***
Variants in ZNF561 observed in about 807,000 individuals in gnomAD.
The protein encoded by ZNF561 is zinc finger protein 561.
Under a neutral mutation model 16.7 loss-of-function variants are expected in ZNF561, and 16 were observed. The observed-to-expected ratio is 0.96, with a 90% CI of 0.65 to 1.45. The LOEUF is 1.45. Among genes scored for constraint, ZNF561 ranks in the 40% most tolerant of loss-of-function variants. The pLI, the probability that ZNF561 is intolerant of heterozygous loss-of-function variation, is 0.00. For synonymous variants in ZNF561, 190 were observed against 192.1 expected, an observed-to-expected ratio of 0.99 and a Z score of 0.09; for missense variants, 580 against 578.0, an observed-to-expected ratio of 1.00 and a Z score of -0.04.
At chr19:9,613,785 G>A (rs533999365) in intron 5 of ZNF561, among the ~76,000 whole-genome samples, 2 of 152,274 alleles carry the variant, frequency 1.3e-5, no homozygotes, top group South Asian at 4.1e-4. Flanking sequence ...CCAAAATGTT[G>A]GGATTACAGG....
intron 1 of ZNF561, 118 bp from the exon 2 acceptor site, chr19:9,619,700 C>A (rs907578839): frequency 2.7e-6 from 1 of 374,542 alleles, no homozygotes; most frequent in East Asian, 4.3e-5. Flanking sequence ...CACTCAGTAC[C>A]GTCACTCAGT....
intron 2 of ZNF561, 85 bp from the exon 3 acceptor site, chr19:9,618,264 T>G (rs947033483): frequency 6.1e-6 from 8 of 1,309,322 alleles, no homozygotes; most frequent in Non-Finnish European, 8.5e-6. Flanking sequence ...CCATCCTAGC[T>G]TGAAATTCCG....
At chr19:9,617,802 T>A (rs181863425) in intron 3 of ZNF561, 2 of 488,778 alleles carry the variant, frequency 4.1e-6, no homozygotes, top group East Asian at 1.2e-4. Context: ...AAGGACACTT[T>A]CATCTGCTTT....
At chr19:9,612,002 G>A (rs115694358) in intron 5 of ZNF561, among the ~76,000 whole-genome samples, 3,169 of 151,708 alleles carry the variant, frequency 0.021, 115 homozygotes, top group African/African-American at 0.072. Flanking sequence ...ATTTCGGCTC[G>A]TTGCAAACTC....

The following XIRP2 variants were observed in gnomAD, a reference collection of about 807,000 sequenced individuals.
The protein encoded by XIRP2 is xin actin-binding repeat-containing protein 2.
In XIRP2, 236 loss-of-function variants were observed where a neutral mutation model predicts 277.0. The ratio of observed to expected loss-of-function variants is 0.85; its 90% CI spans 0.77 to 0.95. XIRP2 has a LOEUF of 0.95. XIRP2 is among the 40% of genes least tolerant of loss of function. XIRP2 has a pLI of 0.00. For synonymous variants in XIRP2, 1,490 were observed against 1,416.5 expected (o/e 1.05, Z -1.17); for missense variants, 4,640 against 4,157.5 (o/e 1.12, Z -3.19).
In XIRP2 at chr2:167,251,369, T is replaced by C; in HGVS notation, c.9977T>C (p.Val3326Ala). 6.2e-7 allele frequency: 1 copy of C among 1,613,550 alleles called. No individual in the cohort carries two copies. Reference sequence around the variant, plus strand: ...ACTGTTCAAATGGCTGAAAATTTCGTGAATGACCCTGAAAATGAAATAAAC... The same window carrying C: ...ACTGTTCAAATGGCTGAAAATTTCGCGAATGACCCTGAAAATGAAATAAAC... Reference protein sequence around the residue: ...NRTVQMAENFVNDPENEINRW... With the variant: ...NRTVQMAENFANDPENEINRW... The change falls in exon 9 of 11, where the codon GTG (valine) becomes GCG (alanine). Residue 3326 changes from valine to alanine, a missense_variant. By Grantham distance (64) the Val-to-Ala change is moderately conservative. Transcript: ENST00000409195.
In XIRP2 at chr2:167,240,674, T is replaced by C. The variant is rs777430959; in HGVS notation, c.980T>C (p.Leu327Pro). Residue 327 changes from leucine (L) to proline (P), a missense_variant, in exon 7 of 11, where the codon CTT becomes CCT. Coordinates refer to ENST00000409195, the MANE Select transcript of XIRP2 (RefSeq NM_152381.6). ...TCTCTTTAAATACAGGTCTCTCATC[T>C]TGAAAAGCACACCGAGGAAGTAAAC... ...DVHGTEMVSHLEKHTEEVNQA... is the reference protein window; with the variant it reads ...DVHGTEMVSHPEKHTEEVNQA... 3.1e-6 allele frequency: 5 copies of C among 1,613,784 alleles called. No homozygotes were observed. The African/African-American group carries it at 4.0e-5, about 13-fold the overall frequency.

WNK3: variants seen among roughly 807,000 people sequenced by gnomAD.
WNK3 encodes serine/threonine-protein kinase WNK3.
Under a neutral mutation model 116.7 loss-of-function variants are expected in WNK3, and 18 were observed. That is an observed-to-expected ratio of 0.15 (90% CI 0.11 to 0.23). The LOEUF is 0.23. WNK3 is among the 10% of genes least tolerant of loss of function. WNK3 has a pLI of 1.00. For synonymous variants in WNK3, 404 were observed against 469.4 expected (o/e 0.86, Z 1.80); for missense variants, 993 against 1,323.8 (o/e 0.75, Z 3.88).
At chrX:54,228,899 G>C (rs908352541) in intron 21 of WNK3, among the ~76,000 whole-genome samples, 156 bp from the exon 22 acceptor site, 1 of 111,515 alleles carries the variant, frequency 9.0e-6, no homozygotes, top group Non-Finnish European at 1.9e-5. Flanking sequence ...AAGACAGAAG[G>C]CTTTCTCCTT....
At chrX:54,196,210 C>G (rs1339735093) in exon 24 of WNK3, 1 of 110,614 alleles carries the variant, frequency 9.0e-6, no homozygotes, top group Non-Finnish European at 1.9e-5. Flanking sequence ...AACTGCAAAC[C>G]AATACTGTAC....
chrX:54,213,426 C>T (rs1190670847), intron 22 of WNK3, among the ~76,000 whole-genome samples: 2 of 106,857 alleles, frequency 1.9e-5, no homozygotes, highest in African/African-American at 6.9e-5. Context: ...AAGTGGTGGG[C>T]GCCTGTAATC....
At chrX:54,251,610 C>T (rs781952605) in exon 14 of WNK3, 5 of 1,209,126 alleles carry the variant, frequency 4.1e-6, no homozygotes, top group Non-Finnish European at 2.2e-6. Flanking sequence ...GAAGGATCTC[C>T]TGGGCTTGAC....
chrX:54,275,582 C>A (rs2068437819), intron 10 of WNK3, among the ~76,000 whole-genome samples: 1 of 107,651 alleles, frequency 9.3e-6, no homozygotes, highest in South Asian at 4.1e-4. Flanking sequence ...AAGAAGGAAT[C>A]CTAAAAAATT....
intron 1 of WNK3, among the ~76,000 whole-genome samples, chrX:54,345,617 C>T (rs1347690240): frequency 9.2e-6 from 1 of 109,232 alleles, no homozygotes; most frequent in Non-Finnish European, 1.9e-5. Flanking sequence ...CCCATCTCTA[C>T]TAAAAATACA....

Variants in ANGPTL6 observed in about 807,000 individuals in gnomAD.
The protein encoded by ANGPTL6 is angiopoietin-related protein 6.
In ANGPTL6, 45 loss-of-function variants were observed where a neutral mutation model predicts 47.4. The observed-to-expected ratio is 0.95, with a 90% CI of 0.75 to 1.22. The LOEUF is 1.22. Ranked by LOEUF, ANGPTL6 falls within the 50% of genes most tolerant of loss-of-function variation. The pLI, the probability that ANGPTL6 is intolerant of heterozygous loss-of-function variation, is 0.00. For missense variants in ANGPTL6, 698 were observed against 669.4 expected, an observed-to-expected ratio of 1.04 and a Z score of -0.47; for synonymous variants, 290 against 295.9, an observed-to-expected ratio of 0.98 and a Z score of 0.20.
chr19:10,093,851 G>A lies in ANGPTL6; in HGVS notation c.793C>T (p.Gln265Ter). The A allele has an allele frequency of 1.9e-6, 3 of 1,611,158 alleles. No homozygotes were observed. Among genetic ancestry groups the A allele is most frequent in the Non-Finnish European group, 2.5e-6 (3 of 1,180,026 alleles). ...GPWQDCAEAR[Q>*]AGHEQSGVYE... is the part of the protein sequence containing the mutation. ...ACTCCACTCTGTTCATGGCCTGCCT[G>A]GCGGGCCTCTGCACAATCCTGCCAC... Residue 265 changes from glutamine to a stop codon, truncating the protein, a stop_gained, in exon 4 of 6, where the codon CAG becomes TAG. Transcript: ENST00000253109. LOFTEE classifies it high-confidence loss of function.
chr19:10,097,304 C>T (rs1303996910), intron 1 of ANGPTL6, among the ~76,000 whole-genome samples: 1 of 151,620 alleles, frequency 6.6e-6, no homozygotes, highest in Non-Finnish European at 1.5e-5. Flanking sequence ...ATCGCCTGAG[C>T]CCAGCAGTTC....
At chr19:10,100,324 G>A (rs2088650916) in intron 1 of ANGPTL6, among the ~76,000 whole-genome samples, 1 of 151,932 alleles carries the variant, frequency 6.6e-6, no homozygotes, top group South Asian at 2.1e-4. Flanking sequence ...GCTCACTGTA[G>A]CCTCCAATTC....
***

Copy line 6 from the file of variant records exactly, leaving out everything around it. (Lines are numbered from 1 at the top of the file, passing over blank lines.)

intron 2 of ZNF561, 85 bp from the exon 3 acceptor site, chr19:9,618,264 T>G (rs947033483): frequency 6.1e-6 from 8 of 1,309,322 alleles, no homozygotes; most frequent in Non-Finnish European, 8.5e-6. Flanking sequence ...CCATCCTAGC[T>G]TGAAATTCCG....